1

Given these nodes:

a
b
c
d
e
f
g
h

And given some edges between the nodes like this:

a/b/c
b/c/d
c/e
c/d/e/f
c/g
f/g
e/f/g
a/c/h
h/a/b
c/a
d/b/c
f/g/c
d/a/f
g/f
g/a/b/c
f/a/b
e/a/c

(where a/b/c means one edge from a to b, and another one from b to c), so this describes a directed graph.

Here is another, more compact representation for the same graph:

a(b(c(d, e(f), g)))
f(g)
e(f(g), a(c))

...

using a tree-like representation. But there are still duplicates in there (e.g. a and c are shown twice in the last snippet).

Another way to represent it is like this:

a:b
a:c
b:c
c:d
c:e

But this uses even more letters than the original (first) snippet.

Wondering if there is anything better than these 3 approaches to represent a directed graph.

Maybe there is a way to assign numbers to the letters and do all 3 approaches as one. Or maybe something else.

So what could be a representation using the smallest amount of bytes?

closed as unclear what you're asking by gnat, Useless, Frank Hileman, Deduplicator, Erik Eidt Jun 30 '18 at 0:34

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  • You only have 8 nodes, so you can trivially store a complete adjacency matrix in 64 bits. Does it need to be smaller than that? – Useless Jun 29 '18 at 16:31
  • No there would be billions of nodes, sorry this was just an example. – Lance Pollard Jun 29 '18 at 16:32
  • 1
    OK, so what representations have you already looked at? What properties does your graph have? Do you need edge weights or just connections? Do the edges have direction? What's the ratio of edges to vertices? – Useless Jun 29 '18 at 16:35
  • 3
    What does a/b/c, followed by b/c/d mean? Is the repeated b/c redundant or meaningful? – Erik Eidt Jun 29 '18 at 17:52
  • 4
    So you have seen other representations, but you don't like them for ... reasons. I don't know how you expect anyone to answer this question satisfactorily when it all your actual requirements are being drip-fed in comments, and your sample representations are so abstract I can't tell how big they would be. – Useless Jun 29 '18 at 17:59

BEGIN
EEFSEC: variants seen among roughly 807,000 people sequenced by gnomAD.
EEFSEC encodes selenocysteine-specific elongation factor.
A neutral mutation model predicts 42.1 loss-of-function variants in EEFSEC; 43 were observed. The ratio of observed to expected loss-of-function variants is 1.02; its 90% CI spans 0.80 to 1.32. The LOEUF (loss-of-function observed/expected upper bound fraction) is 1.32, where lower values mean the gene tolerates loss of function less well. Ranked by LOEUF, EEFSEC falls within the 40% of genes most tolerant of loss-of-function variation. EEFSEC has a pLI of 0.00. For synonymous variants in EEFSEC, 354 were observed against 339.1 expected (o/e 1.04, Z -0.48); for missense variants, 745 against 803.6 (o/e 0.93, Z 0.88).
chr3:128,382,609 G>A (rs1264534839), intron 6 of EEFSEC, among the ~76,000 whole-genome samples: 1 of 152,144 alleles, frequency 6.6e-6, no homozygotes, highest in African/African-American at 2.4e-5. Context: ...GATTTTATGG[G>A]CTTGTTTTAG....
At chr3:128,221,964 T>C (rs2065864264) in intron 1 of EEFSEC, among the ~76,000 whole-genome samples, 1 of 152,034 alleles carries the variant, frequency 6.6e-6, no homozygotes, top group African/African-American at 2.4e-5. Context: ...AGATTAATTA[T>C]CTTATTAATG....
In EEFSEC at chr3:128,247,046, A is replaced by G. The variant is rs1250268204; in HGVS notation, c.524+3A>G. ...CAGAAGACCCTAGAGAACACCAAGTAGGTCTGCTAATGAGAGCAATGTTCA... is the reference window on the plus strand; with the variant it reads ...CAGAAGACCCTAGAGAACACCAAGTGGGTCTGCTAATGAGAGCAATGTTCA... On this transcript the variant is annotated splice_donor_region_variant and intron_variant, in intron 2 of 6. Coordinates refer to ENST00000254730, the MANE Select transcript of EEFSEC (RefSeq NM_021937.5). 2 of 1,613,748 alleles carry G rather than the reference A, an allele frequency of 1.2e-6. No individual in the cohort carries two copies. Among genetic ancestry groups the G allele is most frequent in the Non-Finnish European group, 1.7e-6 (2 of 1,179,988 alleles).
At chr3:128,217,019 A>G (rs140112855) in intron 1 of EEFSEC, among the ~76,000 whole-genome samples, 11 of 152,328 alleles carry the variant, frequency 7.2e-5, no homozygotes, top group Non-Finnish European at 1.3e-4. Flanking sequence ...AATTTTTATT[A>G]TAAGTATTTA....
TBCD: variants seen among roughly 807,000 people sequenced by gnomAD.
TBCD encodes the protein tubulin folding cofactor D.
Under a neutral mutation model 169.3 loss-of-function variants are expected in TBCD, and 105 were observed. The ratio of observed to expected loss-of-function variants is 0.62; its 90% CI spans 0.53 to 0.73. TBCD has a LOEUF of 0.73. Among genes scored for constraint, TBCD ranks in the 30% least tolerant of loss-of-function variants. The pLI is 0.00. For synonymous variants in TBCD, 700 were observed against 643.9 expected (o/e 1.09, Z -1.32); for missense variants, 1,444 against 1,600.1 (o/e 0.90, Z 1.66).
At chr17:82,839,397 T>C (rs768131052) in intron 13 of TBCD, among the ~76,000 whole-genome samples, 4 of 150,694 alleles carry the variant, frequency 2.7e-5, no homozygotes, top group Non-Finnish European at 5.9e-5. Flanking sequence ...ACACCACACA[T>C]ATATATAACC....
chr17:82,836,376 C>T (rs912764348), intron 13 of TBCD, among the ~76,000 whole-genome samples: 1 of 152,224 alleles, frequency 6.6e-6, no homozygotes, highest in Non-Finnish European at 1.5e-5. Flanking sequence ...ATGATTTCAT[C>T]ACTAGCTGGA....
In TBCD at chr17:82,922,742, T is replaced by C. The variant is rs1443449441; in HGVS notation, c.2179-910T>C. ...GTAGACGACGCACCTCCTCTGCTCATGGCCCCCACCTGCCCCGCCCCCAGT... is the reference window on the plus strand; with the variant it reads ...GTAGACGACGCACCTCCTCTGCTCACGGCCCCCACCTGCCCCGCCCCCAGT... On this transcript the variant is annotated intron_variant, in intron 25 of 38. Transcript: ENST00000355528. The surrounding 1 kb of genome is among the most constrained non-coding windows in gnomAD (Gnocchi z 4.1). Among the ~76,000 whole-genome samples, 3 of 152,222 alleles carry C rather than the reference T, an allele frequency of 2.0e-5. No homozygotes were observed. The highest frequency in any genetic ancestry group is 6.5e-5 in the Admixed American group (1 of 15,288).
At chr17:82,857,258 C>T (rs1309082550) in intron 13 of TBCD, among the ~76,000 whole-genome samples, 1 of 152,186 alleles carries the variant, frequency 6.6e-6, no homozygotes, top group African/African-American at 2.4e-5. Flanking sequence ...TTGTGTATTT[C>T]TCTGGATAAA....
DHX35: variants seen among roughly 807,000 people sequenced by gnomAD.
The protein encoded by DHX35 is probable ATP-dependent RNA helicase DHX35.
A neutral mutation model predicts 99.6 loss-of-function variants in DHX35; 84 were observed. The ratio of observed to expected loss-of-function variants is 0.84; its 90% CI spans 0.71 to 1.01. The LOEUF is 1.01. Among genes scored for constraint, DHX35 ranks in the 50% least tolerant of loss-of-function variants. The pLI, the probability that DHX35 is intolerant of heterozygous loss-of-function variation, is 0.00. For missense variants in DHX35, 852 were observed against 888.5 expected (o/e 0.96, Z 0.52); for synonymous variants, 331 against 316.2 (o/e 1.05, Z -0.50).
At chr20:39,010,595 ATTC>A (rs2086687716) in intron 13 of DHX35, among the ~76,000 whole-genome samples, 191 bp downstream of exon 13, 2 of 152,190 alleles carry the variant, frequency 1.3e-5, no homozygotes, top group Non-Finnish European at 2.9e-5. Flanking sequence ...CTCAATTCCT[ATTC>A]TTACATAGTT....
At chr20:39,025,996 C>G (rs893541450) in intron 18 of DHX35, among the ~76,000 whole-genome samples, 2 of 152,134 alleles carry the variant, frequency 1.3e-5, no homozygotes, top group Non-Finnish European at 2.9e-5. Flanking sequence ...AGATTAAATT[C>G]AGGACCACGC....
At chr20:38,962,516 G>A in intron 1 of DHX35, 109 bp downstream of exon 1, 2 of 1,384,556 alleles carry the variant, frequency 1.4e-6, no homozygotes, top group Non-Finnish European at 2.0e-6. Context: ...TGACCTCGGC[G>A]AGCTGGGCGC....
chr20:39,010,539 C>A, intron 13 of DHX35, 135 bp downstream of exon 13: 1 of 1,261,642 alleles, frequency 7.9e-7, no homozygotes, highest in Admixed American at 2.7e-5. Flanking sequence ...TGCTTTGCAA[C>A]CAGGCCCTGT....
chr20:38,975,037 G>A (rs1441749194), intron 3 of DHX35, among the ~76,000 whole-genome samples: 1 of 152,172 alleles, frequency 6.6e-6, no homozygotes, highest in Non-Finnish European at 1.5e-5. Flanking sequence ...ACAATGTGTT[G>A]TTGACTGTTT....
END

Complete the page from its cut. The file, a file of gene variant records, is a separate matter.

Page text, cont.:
3

Any directed graph with vertices V={v_1, ..., v_n} can be identified with a subset of

 S = V x V \ {(a,a) | a in V}

where V x V means the cartesian product, and each of these subsets represent a different graph. So this means there are 2^(n * (n-1)) different graphs over V. Thus, a uniform representation where each graph takes the same storage size requires necessarily n * (n-1) bits per graph. Less is not possible because of the pidgeon hole principle.

Of course, one can find a representation where some graphs over V need far less than n * (n-1) bits, but then others will need more. But without any knowledge about which graphs have to be processed or stored in context of a specific use case, or additional constraints (like a limited number of edges), one cannot decide which of these representations will need less or more bytes than another.

For example, one may develop representations where graphs with a smaller number of edges will take less space than graphs with a higher number. For a deeper analysis, you may find this thesis about compact and efficient representations of graphs helpful.

  • 1
    Just for completeness' sake: if instead of an arbitrary graph you have a DAG or a tree, there exist quite effective compression algorithms. – Giorgio Jun 30 '18 at 8:14

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